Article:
Inverted Yield Curve – Time to Panic? | ETF Trends

Main Management’s Thoughts on the Recent Economic Uncertainty

By Alex Varner, Director of Research, Main Management

In light of recent market volatility, we wanted to share our view on the market and economy. A principal source of volatility during the week of March 18-22 was the Federal Open Market Committee’s dovish announcement that it is now forecasting zero rates hikes in 2019 (down from 2 in December) and that it will end its Balance Sheet Normalization in the fall.

US Equity Market Outlook

For the S&P 500, the third year of Presidential cycle is typically one of the strongest, and a strong January/February period (which we have had) is usually followed by continued strength for the balance of the year. Our target range for the next 12 months for the S&P 500 is 2,600 on the downside (-7.0%) and 3,000 on the upside (+7.3%).

Yield Curve Inversion Thoughts

In response to the FOMC’s announcement, the 10 year – 3 month Treasury spread inverted (went below zero) for the first time since 2007. However, the 10 year – 2 year Treasury spread remains positive and inversions are not great recession predictors by themselves. Historically, the lead time between an inversion and a recession varies greatly, but for yield curve inversions that remain negative (not moving back and forth above and below zero), the lead time until a recession is typically 55 weeks.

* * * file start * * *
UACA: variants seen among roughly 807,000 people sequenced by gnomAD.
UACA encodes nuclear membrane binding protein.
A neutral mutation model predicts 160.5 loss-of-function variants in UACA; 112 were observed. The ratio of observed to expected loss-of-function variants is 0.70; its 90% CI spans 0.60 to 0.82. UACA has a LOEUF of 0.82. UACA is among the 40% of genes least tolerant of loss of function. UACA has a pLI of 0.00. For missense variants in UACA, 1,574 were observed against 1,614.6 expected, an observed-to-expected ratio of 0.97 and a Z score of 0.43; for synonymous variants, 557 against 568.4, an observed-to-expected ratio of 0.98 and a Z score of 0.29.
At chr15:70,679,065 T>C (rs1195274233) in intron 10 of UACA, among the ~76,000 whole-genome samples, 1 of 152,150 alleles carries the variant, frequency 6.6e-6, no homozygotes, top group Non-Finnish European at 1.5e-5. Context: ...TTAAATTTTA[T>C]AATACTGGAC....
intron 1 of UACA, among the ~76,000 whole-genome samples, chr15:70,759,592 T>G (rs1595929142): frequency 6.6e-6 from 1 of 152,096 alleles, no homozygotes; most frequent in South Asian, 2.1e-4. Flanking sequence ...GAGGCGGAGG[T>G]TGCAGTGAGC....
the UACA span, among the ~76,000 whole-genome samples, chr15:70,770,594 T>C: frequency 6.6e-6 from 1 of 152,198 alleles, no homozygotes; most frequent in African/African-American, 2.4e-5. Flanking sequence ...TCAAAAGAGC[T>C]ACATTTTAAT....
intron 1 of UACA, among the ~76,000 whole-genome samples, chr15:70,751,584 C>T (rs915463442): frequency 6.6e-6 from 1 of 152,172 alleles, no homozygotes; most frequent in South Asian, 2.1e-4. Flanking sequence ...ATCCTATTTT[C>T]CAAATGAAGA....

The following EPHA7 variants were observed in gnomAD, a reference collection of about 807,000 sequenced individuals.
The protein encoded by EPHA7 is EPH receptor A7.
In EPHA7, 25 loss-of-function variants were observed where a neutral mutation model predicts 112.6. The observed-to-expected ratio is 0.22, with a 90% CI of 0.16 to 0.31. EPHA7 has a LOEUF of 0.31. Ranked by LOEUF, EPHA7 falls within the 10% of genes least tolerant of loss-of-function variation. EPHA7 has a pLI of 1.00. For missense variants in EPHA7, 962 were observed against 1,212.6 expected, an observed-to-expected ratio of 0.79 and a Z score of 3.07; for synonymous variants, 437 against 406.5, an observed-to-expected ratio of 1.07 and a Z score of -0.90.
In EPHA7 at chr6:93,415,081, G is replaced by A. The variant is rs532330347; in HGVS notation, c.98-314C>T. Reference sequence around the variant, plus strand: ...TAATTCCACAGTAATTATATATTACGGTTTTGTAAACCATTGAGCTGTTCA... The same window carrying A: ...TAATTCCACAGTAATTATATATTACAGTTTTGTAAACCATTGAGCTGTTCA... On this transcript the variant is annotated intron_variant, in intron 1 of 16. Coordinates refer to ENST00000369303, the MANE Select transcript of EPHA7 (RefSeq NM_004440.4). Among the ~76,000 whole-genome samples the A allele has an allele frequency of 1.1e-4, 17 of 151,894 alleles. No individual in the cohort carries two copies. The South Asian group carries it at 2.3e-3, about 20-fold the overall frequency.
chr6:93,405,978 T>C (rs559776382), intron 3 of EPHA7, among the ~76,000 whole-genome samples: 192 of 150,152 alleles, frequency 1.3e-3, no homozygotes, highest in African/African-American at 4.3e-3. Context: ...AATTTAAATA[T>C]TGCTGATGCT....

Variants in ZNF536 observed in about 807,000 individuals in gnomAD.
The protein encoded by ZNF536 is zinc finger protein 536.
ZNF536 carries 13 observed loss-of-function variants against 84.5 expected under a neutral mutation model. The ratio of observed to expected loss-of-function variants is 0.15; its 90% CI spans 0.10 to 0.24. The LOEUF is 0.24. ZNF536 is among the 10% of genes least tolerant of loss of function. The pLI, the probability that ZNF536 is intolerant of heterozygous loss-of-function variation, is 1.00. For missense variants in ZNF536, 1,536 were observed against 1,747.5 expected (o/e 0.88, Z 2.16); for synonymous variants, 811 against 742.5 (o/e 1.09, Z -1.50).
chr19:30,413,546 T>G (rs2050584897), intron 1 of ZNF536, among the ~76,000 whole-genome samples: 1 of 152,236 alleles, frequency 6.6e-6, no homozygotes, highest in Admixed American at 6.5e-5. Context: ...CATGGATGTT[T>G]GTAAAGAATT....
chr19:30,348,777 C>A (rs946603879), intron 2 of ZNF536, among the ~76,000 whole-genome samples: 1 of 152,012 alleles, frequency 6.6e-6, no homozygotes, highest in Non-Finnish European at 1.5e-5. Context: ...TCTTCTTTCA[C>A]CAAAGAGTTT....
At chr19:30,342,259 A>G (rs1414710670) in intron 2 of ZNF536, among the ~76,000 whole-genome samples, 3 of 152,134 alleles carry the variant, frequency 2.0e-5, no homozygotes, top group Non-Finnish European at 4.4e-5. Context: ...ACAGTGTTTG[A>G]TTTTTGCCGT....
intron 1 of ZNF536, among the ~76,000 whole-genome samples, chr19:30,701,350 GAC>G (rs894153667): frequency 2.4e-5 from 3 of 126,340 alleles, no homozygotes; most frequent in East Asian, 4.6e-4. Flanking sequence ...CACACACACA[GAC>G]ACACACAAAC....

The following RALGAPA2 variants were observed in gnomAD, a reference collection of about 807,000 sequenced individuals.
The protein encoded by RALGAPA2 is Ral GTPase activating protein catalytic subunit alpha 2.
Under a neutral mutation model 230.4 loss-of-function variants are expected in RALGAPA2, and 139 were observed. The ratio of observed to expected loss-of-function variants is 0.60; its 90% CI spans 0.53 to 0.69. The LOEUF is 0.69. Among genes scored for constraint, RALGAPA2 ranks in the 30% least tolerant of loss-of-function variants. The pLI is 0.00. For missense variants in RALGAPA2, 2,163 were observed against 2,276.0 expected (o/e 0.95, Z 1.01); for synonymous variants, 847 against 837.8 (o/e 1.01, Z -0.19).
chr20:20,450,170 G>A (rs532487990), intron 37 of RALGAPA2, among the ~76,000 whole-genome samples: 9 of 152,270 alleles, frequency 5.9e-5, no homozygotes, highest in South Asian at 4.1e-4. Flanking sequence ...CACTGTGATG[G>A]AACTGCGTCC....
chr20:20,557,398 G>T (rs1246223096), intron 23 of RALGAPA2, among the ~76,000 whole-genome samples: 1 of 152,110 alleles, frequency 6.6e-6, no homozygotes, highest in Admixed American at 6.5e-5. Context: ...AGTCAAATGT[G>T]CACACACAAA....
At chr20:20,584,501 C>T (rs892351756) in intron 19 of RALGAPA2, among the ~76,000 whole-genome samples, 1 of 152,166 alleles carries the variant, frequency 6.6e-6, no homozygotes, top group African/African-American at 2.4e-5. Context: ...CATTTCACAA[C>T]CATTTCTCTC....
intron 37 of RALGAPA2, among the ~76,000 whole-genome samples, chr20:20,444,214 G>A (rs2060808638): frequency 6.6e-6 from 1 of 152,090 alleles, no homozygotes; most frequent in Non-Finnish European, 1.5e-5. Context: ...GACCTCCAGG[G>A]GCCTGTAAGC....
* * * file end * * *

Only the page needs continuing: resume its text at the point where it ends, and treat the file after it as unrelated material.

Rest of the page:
Recession Watch

As we said above, inversions by themselves are not great predictors of recessions. It takes weakness in other areas of the economy to move into a recession. Following the FOMC’s announcement, the 10-year Treasury yield dropped to its lowest point since January 2018. It is important to remember that lower 10-year Treasury yields are also reflective of lower inflation (positive). With inflation around 1.5%, and productivity picking up, higher market multiples are supported. The Leading Economic Indicator has been flat over the past 5 months but remains at elevated levels on an absolute basis (neutral). Consumer confidence is strong (positive). Household formation is running faster than housing starts which means there is pent up demand. This demand is still price dependent, but lower mortgage rates should help release some of it (neutral). See chart below for our Recession Dashboard.

Recession Dashboard

Financial Sector Update

The Financial Sector, and banks in particular, were hit hard after the FOMC’s announcement. Financials have been hurt by the perception that lower rates will squeeze net interest margins. Those margins might narrow, but will remain positive, and the sector is trading at the low end of its relative range to the market. Financials are still growing earnings at 10% with modest loan growth, increased dividends, and growing buybacks. Fundamentally, the Financial Sector appears sound.

Global Economy

China stimulus may start to positively impact the second half of 2019, which would be positive for Europe as it is highly levered to China, and the global economy given that China is the 2nd largest economy. The US delegation, including Treasury Secretary Mnuchin, will be in China this Thursday (March 28th) to continue trade talks.

Alex Varner is Director of Research at Main Management, a participant in the ETF Strategist Channel.

A pioneer in managing all-ETF portfolios, Main Management LLC is committed to delivering liquid, transparent and cost-effective investment solutions. By combining asset allocation insights with smart implementation vehicles, Main Management offers a unique approach that translates into distinct advantages for our clients, including diversification, cost efficiency, tax awareness and transparency.